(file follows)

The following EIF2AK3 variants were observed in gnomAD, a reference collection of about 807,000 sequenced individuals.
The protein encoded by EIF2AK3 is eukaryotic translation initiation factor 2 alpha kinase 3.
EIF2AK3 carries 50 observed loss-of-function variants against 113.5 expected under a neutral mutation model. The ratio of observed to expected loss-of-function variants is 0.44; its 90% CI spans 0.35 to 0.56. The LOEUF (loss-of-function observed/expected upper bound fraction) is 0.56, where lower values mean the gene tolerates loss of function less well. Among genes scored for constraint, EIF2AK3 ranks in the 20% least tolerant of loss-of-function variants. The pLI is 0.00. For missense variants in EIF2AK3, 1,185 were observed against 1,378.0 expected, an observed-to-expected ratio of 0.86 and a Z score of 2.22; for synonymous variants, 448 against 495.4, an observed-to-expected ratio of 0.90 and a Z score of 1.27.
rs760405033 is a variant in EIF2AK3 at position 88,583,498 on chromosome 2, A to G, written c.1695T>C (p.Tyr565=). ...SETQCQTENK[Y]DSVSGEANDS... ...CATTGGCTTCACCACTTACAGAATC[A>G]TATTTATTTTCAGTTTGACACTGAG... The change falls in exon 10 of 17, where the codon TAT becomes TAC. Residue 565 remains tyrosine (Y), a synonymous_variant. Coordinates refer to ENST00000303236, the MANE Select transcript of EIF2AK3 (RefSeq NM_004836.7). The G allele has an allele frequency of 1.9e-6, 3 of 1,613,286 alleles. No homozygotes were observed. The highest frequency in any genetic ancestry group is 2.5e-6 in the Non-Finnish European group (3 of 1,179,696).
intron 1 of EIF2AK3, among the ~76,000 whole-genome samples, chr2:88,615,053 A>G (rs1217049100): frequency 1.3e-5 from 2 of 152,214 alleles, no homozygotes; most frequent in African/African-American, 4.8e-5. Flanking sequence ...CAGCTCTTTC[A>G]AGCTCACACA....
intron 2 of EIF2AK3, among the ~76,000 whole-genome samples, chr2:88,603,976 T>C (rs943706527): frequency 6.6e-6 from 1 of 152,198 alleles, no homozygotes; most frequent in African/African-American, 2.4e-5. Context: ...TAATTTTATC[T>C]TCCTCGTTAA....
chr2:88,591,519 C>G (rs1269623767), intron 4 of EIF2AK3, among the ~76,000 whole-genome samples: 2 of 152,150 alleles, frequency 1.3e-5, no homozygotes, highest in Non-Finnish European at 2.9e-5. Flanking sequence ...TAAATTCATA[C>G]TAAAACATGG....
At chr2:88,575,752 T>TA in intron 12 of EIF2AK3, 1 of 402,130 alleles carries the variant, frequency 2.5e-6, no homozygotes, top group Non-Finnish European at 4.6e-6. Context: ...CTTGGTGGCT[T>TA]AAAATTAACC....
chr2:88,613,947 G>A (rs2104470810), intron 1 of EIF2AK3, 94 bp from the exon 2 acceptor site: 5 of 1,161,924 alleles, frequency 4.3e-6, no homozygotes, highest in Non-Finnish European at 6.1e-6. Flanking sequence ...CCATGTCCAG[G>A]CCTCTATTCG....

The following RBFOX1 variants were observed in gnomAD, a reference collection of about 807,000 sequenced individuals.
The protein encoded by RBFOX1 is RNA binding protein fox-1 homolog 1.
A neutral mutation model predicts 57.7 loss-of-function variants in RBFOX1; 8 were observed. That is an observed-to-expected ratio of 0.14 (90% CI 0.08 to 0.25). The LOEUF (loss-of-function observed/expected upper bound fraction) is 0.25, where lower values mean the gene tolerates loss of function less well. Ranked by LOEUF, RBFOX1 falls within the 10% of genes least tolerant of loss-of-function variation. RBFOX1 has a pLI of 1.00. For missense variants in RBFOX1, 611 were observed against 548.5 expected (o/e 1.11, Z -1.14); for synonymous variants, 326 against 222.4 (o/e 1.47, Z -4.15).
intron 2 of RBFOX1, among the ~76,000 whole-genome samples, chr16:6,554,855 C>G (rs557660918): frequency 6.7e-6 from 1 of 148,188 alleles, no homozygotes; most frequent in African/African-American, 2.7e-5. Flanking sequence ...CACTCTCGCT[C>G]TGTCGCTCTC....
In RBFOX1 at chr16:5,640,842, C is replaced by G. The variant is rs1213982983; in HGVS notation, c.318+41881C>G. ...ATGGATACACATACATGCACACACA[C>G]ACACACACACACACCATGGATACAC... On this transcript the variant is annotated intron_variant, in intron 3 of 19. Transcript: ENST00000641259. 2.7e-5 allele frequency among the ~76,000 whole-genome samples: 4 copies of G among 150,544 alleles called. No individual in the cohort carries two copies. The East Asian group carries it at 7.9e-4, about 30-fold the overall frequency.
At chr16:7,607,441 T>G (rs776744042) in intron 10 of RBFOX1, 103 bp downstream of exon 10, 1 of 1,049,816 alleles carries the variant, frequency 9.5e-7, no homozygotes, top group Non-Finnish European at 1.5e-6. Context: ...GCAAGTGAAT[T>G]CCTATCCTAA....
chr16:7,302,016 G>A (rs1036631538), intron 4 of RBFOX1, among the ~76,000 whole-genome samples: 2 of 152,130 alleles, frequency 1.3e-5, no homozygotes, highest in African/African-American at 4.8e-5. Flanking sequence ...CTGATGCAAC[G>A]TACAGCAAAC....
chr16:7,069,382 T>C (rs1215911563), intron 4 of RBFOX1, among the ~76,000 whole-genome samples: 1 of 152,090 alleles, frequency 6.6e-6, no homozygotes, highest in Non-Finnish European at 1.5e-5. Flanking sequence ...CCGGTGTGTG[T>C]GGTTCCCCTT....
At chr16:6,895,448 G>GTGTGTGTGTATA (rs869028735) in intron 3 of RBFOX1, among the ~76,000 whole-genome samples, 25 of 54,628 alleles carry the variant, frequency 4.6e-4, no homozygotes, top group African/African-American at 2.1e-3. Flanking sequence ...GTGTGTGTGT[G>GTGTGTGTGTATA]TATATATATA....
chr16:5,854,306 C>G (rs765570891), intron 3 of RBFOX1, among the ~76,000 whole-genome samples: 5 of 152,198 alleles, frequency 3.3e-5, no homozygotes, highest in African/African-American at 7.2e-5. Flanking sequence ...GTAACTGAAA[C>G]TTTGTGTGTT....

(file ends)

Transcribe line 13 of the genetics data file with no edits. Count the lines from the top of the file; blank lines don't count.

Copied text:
intron 2 of RBFOX1, among the ~76,000 whole-genome samples, chr16:6,554,855 C>G (rs557660918): frequency 6.7e-6 from 1 of 148,188 alleles, no homozygotes; most frequent in African/African-American, 2.7e-5. Flanking sequence ...CACTCTCGCT[C>G]TGTCGCTCTC....